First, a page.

The Confusion Episode





In this episode of Quick Clarity Angie and Jeff explore how the talent market is evolving. Today employees’ expectations of their work experience and of their leaders are heightening. This creates inevitable, sometimes painful, confusion for leaders. Listen and read more below as we explore these great expectations, and how leaders can recognize their own confusion and adapt. 

What is Confusion? 

[02:10] Confusion is an endemic human experience, just like breathing, so assigning value in terms of “good” or “bad” is pointless. The mind only does what it is designed to do: predict outcomes. When those outcomes don’t match our reality, confusion ensues. Talentism sees confusion as an unconscious phenomenon that leads to feelings, not a conscious one that leads to thoughts, similar to the “fight, flight, or freeze” autonomic reactions. The modern world is more complex than ever before, and confusion permeates all things in adult life. Businesses must confront this confusing world and master it, especially high-speed growth/fast-change companies. 

The Expectations of Work

  1. [16:04] – People want meaningful and purpose-driven work. It’s not an economic security feature or a place to punch a clock. Instead, people want the business to improve the world around them or solve problems they see as important, and they want the company to have a higher-order priority than survival.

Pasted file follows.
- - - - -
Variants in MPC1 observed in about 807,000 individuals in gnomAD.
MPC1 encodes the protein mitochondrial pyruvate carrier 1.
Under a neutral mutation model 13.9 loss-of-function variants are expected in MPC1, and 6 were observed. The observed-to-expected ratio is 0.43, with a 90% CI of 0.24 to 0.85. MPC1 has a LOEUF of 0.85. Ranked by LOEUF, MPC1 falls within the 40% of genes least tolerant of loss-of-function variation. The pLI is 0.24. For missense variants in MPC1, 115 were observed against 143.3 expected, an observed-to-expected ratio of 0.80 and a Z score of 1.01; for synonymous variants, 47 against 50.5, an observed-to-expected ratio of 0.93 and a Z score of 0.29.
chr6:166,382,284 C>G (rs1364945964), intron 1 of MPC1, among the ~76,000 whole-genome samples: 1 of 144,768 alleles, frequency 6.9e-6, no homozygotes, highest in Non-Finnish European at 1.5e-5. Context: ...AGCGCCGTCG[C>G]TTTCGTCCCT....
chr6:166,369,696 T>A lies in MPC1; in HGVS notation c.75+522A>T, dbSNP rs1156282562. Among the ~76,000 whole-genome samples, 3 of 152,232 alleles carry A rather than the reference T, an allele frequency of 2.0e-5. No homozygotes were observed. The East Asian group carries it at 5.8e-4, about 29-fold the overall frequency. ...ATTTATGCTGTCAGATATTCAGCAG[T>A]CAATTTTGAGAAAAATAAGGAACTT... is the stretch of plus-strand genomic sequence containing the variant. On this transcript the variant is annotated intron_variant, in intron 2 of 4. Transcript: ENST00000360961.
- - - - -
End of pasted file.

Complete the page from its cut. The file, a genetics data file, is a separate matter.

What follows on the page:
2. [18:28] – People’s expectations of management are going up, not down. Gallop polls show that over 85% of people feel dissatisfied with their managers. Talentism believes these numbers will persist as management teams fail to change fast enough to match the reality of the changing world.
  3. [19:56] – People want to build mastery towards a calling. Two things are needed for some to find their calling.  1. People must find where they are compulsive  2. People need an environment to improve that compulsion. 
  4. [21:54] – People want autonomy and to express their individual contributions. In the past, work was where you sacrificed independence in exchange for payment. In the modern world, people expect the ability to express their identities and contributions and have a role in defining the culture and my manager’s power over me.
  5. [24:07] – People want meaningful relationships in the workplace. Community is essential, and people want to have the ability to build one that reflects themselves and their values.  

The Expectations of Leaders

  1. [28:25] – Leaders should be emotionally present and mature. The more people look to work for meaning and community, the more they bring themselves to the workplace and often look to leadership for guidance.
  2. [31:10] – Leaders need to bring a unique and compelling vision. As people look to find more identity in the workplace, they are looking for their leaders to have the vision to propel their meaningful and purpose-driven work into the company culture.
  3. [32:00] – Leaders need to be clear-minded, excellent communicators. There is an expectation that the leader has thought deeper, seen further, and thought more fundamentally about the things that matter to the business than anyone else there. Furthermore, leaders are expected to be able to communicate that more effectively than anyone else there, even in times of crisis.
  4. [33:26] – Leaders need to be trusted. Even 60 years ago, this was an entirely foreign concept, but modern leaders must be trusted to be successful managers. 
  5. [34:53] – People expect their leaders to take a stand on political and social issues and feel that aligning on those issues is very important in their choice of workplace. 


  • Thompson, D. (2014, February 24). Workism is making Americans miserable. The Atlantic. Retrieved May 12, 2023, from 
  • Putnma, R. (2000). Bowling alone. Simon & Schuster. 

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